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How to Be Wise About Water at Home—Inside and Outdoors

Being wise about water use never goes out of season. Most conservation steps are simple and inexpensive – and all will save you money in the long run.

Part three of three-part series

Being wise about water use never goes out of season.

We can all do it, whether we own or rent, have a backyard or just some potted plants. Most conservation steps are simple and inexpensive—and all will save you money in the long run. 

Before You Make Any Changes

Regardless of where you live or how many people share your home, it's good to start by knowing where your biggest uses occur so that you can focus your energy there.

  • Spend a few minutes with a water use calculator, a quick and easy online tool. 
  • Check for leaks. They're rarely obvious. Even a small one can drive your utility bill way up.

Making Wise Use of Water Indoors

Familiar with EnergyStar labels on appliances that use less electricity? Well, now the U.S. Environmental Protection Agency has a WaterSense label for all sorts of products that use water.

  • Swap out any old, high-water-use toilets.
  • When you replace your dishwasher or laundry washing machine, choose a water-efficient one.

Rebates for these upgrades are available from many of the Peninsula water agencies, including those serving Belmont, Burlingame, parts of the Coastside, Daly City, Foster City, East Palo Alto, Menlo Park, Millbrae, Pacifica, Redwood City, San Bruno, San Carlos, South San Franisco and San Mateo.

Among the many simple conservation tips you might try, don't forget the two everyone can do:

  • Add an aerator to your showers and sink faucets to slow the flow.
  • Turn off the tap when you aren't using it, such as while you brush those pearly whites.

Making Wise Use of Water Outdoors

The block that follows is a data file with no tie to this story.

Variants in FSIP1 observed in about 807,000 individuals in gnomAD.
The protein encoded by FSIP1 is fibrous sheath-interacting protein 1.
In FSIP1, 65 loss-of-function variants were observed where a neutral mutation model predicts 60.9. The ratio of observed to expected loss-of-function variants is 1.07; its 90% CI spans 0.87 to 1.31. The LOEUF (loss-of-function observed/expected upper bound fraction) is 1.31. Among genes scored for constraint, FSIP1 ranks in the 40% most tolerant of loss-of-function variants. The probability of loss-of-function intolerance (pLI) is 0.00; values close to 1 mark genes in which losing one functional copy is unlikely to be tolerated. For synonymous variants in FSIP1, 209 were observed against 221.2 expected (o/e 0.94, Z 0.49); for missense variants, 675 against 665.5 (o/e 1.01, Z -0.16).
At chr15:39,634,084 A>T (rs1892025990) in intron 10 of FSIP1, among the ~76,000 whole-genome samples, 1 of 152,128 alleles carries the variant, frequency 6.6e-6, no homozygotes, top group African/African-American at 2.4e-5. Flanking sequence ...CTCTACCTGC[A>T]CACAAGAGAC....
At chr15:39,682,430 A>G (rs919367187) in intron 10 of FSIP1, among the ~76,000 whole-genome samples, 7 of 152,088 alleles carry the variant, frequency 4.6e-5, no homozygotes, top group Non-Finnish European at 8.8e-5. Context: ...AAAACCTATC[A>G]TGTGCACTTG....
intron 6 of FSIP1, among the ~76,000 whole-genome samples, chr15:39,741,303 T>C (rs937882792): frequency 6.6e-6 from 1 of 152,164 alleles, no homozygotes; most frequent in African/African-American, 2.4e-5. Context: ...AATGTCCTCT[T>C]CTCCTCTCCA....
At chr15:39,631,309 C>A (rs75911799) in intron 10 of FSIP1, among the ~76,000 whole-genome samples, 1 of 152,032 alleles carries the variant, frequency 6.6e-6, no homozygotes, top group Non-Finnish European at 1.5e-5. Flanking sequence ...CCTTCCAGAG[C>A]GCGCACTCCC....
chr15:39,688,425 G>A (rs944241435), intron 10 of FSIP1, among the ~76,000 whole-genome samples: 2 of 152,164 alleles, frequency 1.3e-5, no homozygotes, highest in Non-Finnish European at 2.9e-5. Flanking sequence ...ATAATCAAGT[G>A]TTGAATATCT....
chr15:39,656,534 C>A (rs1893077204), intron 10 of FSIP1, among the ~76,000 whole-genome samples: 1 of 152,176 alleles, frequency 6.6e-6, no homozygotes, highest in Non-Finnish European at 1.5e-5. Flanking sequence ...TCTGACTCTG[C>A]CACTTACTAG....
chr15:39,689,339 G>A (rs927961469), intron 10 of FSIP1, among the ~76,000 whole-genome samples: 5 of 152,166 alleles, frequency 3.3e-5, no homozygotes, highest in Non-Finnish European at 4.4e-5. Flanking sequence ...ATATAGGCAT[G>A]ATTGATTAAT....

Whether you're ready to replace a whole lawn with drought-tolerant plantings, or just start replacing a few of the biggest water-suckers with California natives, there are free classes available to get you started. This March, April and May, the Bay Area Water Supply and Conservation Agency will teach a variety of water-wise lanscaping topics in Peninsula towns, including Belmont, Daly City, Hillsborough, Menlo Park, Portola Valley, Redwood City, San Bruno, San Mateo and South San Francisco.

Beyond the Tap

Once you've taken steps to reduce your water use, consider the sources available to you. In addition to buying our delicious, clean Hetch-Hetchy tap water from your local water agency, you can tap into the rain yourself for non-drinking uses. And whether or not you live in the parts of the Peninsula with recycled water available for landscaping, you can recycle some of your home's lightly-used water yourself.

If you read last February's Green Views article on how home rainwater and greywater systems work, and now want a class to learn how to install either one yourself, there are opportunities coming up again soon. Check the BAWSCA class page for free offerings on the Peninsula and the Oakland nonprofit Greywater Action for free or low-cost classes around the Bay Area.

A mild-mannered civil servant by day, Mary Bell Austin uses her time away from her environmental work for, well, environmental play. Her adventures in healthy eating and her explorations into the wider green world can be found at Bite-size Green. Her column appears biweekly on Saturdays. 

Phyllis McArthur February 20, 2012 at 02:44 AM
All very good suggestions! thanks.
Pretty Asian... February 20, 2012 at 09:29 PM
Ms. PHYLLIS: you are welcome. you may share these tips to your clients on your real estate business and will make a very good impression about you (adds another feather to your cup). more power to you! :-)
Phyllis McArthur February 21, 2012 at 12:32 AM
I actually did tell a client to read your post and she thought you had some awesome suggestions, like the toilet flushing issue, and not running the water while brushing your teeth....
Sarah H. February 21, 2012 at 01:40 AM
I would like to know more about that meadow mix lawn shown in the picture above. I have a very, very stubborn "lawn" of weeds and hard compacted soil My husband has tried in vain to bring it back to life, but we're really not willing to spend large amounts of time prepping and cultivaing the soil, and can practically hear the nickles and times spewing from our hose every time we water. So, what we're left with is a rather unsightly front yard that only looks somewhat decent in the wetter months. I'd love to find a simple and easy alternative, emphasis on the simple and easy part. Any suggestions?
Pretty Asian... February 21, 2012 at 10:57 PM
i see my mom putting empty "rice skins' on soil (after she cultivated it) to keep it from solidifying. gardening is a therapy for us and a means for bonding. we talk to our plants, birds, and fishes, too, in the garden. what a great joy indeed to see plants bear fruits, produce flowers, and birds hatched an egg.

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